Tofino Gardening in August 2006
by Trina Mattson, Tofino
July was such a mix of weather who can tell what August will be, the first half of July was foggier that ever, the second half was so hot, you could've fried an egg on the sidewalk. Did anyone try?
With the latter half of July's heat wave that we had, people have been worried about the amounts of water that need to be used to keep their gardens alive. Your lawn for instance, unless it is new sod, will be just fine with no water, oh sure it will turn brown and crispy, and be great for scratching your back on, when it rains it will grow back nice and green, and if it doesn't come back in certain spots, just reseed. The garden on the other hand is a different story, plants need water to survive, now if it's an old enough tree or shrub, the roots will be fairly established and have a good hold down deep, a nice thick layer of mulch over the top of the soil and elimination of weeds that drink up any moisture as well, and you may only need to water once a week, newly planted areas, unfortunately will need more water on a regular basis, until they get established, which takes about one year. Perennials, need more water as well, as their root systems are not as deep, but again a good layer of mulch is beneficial. Bedding plants, planters, and hanging baskets need more water again, as they are quicker growing, and usually in smaller containers, so dry out faster.
For these there are products such as soil moist crystals, which look like pieces of gelatin, and as the soil dries out, they release moisture, for baskets and planters there is also a micro liner, which is a perforated liner that fits into planters and baskets that hold moisture in and instead of the water just running out, it releases it slower thru the perforations, so your plants benefit more. The cities are using them in their baskets and they have a 30% decrease in the amount of water needed, and I put them into Crystal Cove Beach Resorts baskets as well, time will tell, but with as inexpensive as they are under $2 per liner, I think it's a smart choice.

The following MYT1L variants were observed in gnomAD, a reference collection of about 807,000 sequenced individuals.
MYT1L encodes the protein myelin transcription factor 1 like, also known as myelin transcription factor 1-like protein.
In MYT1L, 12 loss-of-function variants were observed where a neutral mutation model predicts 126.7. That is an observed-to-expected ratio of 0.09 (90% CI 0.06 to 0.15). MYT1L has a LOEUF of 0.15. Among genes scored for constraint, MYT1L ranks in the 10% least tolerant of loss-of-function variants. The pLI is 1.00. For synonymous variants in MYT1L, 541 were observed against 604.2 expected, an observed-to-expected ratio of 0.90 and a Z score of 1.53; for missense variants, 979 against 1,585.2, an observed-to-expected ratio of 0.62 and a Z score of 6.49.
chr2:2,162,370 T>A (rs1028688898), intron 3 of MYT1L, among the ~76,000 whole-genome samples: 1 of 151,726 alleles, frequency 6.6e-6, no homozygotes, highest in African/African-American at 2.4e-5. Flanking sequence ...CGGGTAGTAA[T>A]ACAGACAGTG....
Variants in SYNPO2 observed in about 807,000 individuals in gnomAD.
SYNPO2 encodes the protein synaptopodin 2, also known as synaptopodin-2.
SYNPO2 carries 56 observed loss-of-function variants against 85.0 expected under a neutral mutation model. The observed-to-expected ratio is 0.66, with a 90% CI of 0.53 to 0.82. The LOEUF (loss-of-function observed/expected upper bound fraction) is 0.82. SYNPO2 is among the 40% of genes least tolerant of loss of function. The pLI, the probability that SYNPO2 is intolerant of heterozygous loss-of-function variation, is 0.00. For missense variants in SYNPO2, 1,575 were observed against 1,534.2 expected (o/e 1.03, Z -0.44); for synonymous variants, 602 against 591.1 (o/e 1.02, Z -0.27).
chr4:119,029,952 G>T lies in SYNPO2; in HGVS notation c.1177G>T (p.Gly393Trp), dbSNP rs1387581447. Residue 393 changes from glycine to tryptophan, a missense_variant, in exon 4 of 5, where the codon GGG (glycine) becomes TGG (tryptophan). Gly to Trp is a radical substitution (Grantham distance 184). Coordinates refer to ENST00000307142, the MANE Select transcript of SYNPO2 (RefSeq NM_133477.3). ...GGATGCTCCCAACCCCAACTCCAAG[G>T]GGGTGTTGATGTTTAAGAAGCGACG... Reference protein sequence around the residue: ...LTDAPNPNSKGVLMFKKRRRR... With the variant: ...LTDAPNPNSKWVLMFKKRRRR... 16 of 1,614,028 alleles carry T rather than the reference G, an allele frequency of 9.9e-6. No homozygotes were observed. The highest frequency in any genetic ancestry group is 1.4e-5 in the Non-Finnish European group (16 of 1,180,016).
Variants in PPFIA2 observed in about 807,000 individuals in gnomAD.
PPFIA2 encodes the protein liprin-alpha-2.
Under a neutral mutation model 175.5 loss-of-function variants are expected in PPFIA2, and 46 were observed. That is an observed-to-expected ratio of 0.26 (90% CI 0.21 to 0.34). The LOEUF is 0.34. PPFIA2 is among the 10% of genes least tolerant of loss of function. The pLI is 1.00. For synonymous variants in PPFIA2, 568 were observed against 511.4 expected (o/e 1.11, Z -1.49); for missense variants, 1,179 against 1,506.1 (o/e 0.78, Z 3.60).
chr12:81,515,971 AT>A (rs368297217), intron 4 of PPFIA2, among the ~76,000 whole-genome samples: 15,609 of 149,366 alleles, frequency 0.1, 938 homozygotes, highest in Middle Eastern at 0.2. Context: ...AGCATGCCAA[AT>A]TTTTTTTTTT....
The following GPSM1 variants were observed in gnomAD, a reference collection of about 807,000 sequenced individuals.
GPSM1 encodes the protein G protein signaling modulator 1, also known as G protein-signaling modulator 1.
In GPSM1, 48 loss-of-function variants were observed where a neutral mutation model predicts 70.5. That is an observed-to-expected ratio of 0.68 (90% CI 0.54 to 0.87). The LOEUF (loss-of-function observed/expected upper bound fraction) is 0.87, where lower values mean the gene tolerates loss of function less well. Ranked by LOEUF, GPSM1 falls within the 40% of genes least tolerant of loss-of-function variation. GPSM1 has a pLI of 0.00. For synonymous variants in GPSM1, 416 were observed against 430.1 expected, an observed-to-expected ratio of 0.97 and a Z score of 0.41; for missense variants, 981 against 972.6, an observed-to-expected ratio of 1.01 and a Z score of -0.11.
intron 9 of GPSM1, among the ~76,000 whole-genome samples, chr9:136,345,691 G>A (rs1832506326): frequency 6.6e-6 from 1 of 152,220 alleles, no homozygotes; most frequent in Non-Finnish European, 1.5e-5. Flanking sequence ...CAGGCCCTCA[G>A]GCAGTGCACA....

The other new product that you will be hearing more and more about in the future is coco fiber, it is being used as a peat moss substitute, as most well know, peat moss can take thousands of years to develop, and is quite literally a non renewable resource, many peat bogs are being stripped of there peat for gardens, but the coco fiber product is totally renewable, it holds more moisture than peat moss, and also doesn't change the acidity of your soil. I am going to be testing this product out over the summer for water retention, acidity levels, biodegradability, and volume, as it is only the size of a standard fire brick, when dried and compressed, we will see how much it expands in water, and will it make a good mulch, and does it stand up to our winter rains. I will keep you up to date.
Of course there is always the option of drought tolerant plants as well, favorites are lavenders, sedums, semperviviums, roses are fairly tough, and if you want a trouble free rose I can never spout enough about Rugosa roses, no problems with bugs, or black spot plus it will grow by the ocean side. Let's not forget the native species as well, although the salal lately was hit by blight that make it look fairly on the messy side, this was caused by too much moisture during spring.
Be sure that when you are out gardening, you put on suntan lotion, wear a hat and drink lots of fluids, over heating while gardening is easy to do, and hey who says you can't sit back and relax in the shade during the hottest part of the day and take a siesta?
Trina Mattson runs the Ordinary Corner Nursery in Tofino at 619 Tibbs Place Road.
Tofino gardening tips for August 2006 from Trina Mattson for Tofno Time Magazine.